I don't know how Salazar Slytherin's early plan of teaching only ambitious pure-bloods used to work out, but by the time of the Harry Potter books, the house has become a dumping ground for children already at risk of going rotten. They are evidently mostly students who are from homes where their parents also went through Hogwarts in Slytherin, and they are disproportionately the children of Death Eaters, and those who sympathize with them. They are also likely to be from families preoccupied with the purity of their wizarding blood, and bigoted against mixed-blood and Muggle-born wizards and witches.

Socially speaking, taking all of these children and concentrating them in a single house together is a recipe for disaster. Students at Hogwarts are encouraged to take their identity from their house, and show loyalty to it. This is problematic in the other houses, for all the reasons identified above, but in Slytherin it it is simply tragic. Rather than seeing that there is a broader world, in which blood is unimportant, and Voldemort, far from being a hero, is a murderer of other people's parents, in which people cooperate as well as compete, the Slytherins are put in a setting where everything they have been taught at home is reinforced.

It's not surprising that 'there isn't a witch or wizard that went bad that wasn't in Slytherin', and a fair amount of the blame for that needs to go to Hogwarts' ridiculous system of sorting into houses. Given how long this has been going on for, the reign of the Sorting Hat could, in fact, be considered a significant factor in the rise of Voldemort and the continued loyalty of the Death Eaters over a generation.

It is an AWFUL idea, and in the final pages of the series, you see the process beginning all over again. Oh, sure, Harry assures his son that Slytherin isn't so bad as all that, invoking poor old Snape's name (Snape, another victim of Slytherin BTW), but you know the damn sorting hat is going to read little Albie's deepest wishes and yell "GRYFFINDOR", while little Scorpius goes to Slytherin, and it will all start all over again.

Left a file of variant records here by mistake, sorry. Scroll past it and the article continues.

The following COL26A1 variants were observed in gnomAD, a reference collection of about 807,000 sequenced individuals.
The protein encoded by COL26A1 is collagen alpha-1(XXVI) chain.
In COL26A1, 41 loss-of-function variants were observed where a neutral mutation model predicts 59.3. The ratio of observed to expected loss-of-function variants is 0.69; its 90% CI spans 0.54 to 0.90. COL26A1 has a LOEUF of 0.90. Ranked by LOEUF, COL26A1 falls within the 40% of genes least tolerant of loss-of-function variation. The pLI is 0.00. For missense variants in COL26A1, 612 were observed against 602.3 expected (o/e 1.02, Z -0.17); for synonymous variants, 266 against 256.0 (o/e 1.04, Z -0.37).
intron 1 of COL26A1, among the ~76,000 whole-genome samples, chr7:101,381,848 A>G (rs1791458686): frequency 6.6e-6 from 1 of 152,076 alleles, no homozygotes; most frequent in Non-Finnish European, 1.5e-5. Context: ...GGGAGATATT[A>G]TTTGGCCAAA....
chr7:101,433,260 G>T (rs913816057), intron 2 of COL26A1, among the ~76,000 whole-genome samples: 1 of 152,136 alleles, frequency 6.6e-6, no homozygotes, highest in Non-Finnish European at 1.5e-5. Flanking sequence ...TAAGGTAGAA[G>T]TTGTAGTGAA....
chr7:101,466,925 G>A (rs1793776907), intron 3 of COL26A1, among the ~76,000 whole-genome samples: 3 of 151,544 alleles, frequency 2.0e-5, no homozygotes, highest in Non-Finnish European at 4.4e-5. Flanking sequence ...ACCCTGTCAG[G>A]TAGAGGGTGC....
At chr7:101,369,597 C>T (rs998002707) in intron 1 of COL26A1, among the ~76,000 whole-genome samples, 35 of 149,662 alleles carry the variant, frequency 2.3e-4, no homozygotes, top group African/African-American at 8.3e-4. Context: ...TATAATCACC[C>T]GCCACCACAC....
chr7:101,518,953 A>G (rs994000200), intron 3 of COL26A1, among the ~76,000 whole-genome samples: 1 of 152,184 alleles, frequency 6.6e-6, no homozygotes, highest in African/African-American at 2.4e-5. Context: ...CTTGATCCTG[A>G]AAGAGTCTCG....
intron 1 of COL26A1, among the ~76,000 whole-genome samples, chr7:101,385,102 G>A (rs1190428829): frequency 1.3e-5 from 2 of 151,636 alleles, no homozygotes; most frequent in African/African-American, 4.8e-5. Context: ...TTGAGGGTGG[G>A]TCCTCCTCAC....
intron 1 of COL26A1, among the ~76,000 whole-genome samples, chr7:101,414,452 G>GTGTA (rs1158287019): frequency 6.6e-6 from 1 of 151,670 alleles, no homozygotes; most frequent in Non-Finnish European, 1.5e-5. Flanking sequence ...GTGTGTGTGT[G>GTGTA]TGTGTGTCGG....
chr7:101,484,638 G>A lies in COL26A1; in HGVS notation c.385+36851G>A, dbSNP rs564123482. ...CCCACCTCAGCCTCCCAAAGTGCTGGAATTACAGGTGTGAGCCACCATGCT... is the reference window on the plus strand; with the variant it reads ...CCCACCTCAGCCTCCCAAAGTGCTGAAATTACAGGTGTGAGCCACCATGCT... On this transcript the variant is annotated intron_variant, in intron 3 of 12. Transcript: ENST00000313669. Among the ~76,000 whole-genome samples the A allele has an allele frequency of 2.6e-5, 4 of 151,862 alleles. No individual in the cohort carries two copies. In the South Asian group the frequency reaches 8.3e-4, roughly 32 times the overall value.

*For those of you who live under rocks, I shall quickly sum up: Gryffindor, associated with courage and 'best foot forward' heroics, house attended by Harry and his closest friends; Ravenclaw, associated with brainyness and intellectual focus; Slytherin, officially associated with 'cunning' and 'ambition', and unofficially with magical facism; and Hufflepuff...God knows. OK, Hufflepuffs are supposed to be diligent, fair and loyal, but despite her best efforts, Rowling manages to make this sound like something of a curse. The Hufflepuffs are described in one poem about the houses as 'all the rest', which pretty much says it all.

**Those of you who are appalled by this should not worry too much. I've applied for the Defense Against The Dark Arts position for three years running and have never gotten so much as a 'we will keep your resume for future reference' e-mail back.***

***Since Defense Against The Dark Arts appears to be offered in every year, why is there only one teacher covering it in any given year at Hogwarts? Prepping seven classes is cruel and inhuman. I'm not sure they'd keep anyone longer than a year even if circumstances didn't keep intervening.

Tuesday, September 06, 2011

Romeo AND Juliet

When I was teaching Shakespeare to ninth graders I always wanted to show them this song.

The problem is that if they'd seen this, they might have wanted to see the REST of "Reefer Madness: The Musical". Which would not have been good for parent-teacher relations.